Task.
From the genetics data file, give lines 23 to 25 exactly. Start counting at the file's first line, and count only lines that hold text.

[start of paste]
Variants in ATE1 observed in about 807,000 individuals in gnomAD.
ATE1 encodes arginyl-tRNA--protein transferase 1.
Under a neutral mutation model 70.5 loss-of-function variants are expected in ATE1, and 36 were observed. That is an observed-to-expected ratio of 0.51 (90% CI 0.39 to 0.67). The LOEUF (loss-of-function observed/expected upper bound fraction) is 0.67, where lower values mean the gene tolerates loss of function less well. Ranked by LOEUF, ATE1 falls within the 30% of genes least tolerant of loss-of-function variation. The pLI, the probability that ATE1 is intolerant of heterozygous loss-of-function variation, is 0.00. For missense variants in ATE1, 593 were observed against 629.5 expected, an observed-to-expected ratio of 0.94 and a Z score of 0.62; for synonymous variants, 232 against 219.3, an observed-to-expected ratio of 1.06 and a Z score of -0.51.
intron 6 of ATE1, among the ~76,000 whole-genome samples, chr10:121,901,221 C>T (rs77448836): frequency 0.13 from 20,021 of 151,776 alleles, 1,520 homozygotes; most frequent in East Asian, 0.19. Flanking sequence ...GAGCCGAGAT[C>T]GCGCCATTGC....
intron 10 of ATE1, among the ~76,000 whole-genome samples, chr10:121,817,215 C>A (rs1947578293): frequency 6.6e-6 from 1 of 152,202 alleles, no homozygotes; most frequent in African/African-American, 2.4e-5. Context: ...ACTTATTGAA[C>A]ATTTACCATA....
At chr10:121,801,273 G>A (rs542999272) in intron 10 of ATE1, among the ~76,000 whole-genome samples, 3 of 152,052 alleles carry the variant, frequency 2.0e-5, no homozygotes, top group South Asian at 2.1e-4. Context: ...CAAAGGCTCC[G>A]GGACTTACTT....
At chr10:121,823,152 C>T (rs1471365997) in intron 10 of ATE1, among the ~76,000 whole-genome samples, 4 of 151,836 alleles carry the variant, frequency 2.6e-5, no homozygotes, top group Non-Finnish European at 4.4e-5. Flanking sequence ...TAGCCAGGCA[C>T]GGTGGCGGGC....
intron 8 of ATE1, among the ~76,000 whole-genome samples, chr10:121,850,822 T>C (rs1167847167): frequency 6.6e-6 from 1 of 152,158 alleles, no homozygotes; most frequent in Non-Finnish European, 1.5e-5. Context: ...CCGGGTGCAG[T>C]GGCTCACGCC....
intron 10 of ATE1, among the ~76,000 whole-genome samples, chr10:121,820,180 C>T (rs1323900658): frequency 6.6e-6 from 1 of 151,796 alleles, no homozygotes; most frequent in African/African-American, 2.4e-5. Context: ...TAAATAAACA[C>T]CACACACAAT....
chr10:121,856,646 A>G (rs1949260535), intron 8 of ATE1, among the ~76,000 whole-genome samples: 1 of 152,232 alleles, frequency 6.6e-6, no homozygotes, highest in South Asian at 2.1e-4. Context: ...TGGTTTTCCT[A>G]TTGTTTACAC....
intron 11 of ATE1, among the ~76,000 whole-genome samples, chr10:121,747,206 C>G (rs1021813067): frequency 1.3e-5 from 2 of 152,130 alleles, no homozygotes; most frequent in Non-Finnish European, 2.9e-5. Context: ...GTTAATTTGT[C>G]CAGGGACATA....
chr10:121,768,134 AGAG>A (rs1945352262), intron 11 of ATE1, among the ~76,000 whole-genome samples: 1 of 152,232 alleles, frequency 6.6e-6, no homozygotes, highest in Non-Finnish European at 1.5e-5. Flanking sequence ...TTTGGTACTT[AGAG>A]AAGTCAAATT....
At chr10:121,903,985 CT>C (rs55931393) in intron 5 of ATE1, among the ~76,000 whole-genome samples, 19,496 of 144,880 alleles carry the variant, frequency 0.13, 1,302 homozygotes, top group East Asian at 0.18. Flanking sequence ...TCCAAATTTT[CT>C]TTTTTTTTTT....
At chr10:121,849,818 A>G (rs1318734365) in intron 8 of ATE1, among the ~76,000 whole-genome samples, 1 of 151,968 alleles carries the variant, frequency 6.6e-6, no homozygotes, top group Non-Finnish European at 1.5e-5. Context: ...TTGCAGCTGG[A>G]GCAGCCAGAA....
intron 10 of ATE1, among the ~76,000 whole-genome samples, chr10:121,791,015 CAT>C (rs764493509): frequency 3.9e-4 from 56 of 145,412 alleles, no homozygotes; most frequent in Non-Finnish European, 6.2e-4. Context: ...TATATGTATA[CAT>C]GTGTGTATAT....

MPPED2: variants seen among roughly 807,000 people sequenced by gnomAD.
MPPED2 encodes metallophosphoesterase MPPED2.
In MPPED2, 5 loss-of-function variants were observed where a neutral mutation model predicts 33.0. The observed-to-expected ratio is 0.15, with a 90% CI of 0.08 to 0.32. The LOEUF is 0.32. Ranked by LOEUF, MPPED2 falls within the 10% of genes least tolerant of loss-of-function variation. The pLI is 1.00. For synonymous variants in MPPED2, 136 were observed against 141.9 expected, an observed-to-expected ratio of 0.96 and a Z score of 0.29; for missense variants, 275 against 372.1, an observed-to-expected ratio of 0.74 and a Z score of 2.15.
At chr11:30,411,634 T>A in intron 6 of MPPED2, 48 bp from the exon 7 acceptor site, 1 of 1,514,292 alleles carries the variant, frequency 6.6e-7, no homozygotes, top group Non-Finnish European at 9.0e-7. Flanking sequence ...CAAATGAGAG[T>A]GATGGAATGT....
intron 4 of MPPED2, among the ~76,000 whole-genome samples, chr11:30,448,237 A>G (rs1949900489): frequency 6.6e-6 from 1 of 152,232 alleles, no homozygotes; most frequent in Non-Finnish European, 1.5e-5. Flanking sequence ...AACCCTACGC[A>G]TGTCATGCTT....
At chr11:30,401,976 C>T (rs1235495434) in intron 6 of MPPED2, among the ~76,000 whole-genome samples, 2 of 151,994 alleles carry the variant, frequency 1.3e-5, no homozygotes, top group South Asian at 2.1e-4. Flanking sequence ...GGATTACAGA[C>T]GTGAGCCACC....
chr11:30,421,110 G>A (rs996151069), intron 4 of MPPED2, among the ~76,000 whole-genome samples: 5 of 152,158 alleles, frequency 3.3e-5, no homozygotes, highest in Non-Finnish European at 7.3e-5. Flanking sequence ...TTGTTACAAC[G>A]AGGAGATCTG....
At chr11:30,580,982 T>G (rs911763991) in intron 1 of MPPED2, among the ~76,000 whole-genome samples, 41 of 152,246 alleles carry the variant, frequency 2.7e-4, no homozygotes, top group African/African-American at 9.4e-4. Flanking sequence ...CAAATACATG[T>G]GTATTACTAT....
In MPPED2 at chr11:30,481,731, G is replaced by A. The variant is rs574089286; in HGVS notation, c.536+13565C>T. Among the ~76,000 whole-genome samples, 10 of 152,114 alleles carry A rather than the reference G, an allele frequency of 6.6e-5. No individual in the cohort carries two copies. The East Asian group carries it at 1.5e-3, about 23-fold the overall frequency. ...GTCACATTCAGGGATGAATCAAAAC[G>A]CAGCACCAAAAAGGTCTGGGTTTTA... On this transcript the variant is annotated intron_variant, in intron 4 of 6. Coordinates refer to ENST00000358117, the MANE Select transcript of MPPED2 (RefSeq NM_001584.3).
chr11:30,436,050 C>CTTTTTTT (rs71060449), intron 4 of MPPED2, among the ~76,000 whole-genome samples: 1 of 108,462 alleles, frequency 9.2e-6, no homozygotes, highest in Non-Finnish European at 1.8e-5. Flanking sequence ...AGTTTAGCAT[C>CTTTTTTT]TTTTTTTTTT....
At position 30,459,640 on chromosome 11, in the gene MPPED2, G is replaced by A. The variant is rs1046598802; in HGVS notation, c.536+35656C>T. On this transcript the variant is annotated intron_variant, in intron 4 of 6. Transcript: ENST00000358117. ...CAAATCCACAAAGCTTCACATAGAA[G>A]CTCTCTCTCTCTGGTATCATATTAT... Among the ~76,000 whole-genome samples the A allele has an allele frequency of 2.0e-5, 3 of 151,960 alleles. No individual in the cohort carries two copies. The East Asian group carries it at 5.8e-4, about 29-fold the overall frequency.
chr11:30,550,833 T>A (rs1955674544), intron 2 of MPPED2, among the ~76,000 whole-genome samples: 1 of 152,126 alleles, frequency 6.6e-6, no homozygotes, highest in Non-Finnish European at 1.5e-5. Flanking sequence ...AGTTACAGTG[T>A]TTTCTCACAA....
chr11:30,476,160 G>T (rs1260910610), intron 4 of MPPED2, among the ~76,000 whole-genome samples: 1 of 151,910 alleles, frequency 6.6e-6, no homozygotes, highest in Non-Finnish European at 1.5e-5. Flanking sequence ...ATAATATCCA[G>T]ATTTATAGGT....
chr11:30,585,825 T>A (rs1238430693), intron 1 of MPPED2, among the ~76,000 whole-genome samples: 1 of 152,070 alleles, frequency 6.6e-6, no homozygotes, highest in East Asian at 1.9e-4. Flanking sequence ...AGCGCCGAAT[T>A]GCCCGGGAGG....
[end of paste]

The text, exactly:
At chr11:30,580,982 T>G (rs911763991) in intron 1 of MPPED2, among the ~76,000 whole-genome samples, 41 of 152,246 alleles carry the variant, frequency 2.7e-4, no homozygotes, top group African/African-American at 9.4e-4. Flanking sequence ...CAAATACATG[T>G]GTATTACTAT....
In MPPED2 at chr11:30,481,731, G is replaced by A. The variant is rs574089286; in HGVS notation, c.536+13565C>T. Among the ~76,000 whole-genome samples, 10 of 152,114 alleles carry A rather than the reference G, an allele frequency of 6.6e-5. No individual in the cohort carries two copies. The East Asian group carries it at 1.5e-3, about 23-fold the overall frequency. ...GTCACATTCAGGGATGAATCAAAAC[G>A]CAGCACCAAAAAGGTCTGGGTTTTA... On this transcript the variant is annotated intron_variant, in intron 4 of 6. Coordinates refer to ENST00000358117, the MANE Select transcript of MPPED2 (RefSeq NM_001584.3).
chr11:30,436,050 C>CTTTTTTT (rs71060449), intron 4 of MPPED2, among the ~76,000 whole-genome samples: 1 of 108,462 alleles, frequency 9.2e-6, no homozygotes, highest in Non-Finnish European at 1.8e-5. Flanking sequence ...AGTTTAGCAT[C>CTTTTTTT]TTTTTTTTTT....